US October retail sales disappointed yesterday, rising by 0.3% instead of 0.5%, and the September gain was shaved to 1.6% from 1.9%. The core measure eked out a 0.1% gain, and the September series was revised to 0.9% from 1.4%. While consumption was soft, industrial output met expectations for a 1.1% increase, and manufacturing output rose 1%. September's decline in manufacturing (-0.3%) was revised away, and instead, it rose by 0.1%. The gap between consumption and production may point to inventory accumulation. Today's data highlight is the October housing starts. The housing market, broadly understood, has been a leading sector since the spring. Four Fed officials speak, and market participants are looking for clues into the central bank's thinking amid speculation that next month it will lengthen the maturities of the Treasuries it is buying.
Canada reports October CPI figures today. The headline is expected to slip from 0.5% to 0.4%. However, the headline remains distorted by the earlier drop in oil prices. The central bank puts more weight on the core measures, and they are expected to remain steady between 1.5% and 1.9%. Mexico reports its latest weekly reserve figures. They trend higher.
Shelton failed to clear a procedural vote in the Senate yesterday, which just about dooms her candidacy. When it became clear that the votes were not there, Senate Majority Leader McConnell switched his vote, allowing him to later bring up the nomination. The Senate is not in session next week for the Thanksgiving holiday. A Democrat will replace a Republican (Arizona) at the end of the month, further narrowing the Republican majority. The nomination for the other vacancy is not nearly as controversial and will easily be approved. This may mean that Biden would get nominate a Fed governor in 2020. The terms of Powell as Chair and both vice-chairs (Clarida and Quarles) end in early 2022.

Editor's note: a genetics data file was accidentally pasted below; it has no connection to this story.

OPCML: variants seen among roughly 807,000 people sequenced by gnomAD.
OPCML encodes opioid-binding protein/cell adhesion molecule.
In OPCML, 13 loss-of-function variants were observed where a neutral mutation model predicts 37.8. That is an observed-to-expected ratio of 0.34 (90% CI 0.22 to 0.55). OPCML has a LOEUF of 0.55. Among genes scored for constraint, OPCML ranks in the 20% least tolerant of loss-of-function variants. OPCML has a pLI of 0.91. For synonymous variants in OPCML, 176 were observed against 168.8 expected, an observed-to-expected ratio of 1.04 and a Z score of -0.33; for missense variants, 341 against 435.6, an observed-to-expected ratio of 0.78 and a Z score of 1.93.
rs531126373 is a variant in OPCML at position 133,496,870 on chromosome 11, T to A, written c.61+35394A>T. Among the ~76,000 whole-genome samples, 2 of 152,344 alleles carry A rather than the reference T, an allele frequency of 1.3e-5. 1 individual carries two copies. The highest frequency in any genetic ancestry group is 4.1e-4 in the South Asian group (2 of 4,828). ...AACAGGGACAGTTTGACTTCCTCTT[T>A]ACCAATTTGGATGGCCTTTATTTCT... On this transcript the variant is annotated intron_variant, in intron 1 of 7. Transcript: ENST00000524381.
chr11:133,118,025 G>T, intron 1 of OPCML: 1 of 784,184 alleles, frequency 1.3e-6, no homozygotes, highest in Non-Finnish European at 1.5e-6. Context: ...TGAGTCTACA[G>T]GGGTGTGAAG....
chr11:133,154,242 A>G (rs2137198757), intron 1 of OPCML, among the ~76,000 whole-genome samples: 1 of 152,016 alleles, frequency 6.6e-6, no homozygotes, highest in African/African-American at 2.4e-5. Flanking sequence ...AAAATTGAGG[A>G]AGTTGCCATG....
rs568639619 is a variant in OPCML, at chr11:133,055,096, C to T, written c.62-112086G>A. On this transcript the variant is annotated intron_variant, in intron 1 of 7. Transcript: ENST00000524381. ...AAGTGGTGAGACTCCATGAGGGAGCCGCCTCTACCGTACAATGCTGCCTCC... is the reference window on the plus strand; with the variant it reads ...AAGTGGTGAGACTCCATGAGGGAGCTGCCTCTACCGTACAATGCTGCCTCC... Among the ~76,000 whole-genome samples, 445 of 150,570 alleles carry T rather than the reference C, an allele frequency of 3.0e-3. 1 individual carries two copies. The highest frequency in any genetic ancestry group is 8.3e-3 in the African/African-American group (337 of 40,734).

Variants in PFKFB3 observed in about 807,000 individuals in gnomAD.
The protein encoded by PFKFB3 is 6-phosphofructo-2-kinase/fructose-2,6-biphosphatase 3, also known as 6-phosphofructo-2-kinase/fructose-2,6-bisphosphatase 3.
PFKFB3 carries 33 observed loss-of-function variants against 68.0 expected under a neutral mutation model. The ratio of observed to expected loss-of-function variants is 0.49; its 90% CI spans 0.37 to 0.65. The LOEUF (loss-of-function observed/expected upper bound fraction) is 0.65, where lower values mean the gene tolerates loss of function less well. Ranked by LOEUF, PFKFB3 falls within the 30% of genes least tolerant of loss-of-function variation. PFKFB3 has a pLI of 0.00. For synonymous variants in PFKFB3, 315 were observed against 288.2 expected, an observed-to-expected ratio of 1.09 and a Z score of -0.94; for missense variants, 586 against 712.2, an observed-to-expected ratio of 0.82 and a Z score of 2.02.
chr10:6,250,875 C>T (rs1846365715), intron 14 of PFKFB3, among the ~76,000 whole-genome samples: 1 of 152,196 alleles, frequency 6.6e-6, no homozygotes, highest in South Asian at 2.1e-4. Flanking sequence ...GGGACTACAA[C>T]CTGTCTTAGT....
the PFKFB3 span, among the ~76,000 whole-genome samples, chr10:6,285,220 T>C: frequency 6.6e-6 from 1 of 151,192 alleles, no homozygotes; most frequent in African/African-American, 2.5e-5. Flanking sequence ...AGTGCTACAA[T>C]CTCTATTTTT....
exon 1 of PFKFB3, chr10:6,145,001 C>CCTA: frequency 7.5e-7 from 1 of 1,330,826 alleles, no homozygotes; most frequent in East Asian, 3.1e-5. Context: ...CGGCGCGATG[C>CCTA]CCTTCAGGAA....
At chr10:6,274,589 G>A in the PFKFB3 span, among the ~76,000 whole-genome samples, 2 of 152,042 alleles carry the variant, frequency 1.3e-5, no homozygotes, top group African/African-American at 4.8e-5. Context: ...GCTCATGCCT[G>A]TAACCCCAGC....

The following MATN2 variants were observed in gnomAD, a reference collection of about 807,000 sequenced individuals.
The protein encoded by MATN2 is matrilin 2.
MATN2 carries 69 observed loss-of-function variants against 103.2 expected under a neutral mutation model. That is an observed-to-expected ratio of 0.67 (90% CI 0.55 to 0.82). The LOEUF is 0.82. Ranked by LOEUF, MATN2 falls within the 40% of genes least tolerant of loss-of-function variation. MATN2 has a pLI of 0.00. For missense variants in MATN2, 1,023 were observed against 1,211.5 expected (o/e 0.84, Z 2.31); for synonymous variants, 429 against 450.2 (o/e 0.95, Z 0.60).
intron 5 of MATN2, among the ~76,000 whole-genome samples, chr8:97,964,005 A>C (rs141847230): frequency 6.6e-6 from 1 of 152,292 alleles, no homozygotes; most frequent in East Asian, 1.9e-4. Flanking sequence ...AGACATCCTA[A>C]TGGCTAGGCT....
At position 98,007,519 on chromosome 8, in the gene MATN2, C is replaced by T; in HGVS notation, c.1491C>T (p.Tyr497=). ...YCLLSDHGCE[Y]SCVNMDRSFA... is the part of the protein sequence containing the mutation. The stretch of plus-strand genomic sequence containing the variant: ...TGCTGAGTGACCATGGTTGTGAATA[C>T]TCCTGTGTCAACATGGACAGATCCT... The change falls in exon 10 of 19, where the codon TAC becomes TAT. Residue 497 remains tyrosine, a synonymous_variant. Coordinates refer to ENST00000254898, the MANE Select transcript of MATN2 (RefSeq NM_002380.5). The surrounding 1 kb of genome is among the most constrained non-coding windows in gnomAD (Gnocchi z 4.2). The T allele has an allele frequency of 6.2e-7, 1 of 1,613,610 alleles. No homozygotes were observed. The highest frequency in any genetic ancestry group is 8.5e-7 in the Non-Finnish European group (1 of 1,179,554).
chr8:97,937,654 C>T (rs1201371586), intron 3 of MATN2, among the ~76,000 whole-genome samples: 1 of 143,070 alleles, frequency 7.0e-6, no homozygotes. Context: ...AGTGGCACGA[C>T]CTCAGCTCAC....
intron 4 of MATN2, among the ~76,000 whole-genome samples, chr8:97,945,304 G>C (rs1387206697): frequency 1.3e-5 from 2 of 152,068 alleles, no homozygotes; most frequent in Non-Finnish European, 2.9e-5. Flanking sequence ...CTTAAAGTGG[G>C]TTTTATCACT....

The US dollar initially ticked above yesterday's high against the Canadian dollar and now has reversed course and taken out yesterday's low to test the CAD1.3055 area. There is little in the way to block a return to CAD1.30, where a $1.1 bln option is set to expire today. That said, the intraday technicals are stretched, and there is scope for a bounce in the North American morning toward CAD1.3085. The greenback is a little lower against the Mexican peso but holding above the week's low near MXN20.1550. Last week's low was near MXN20.0340. Look for North American participants to sell into the dollar's upticks being seen in late European morning turnover. Resistance is seen in the MXN20.28-MXN20.33 area.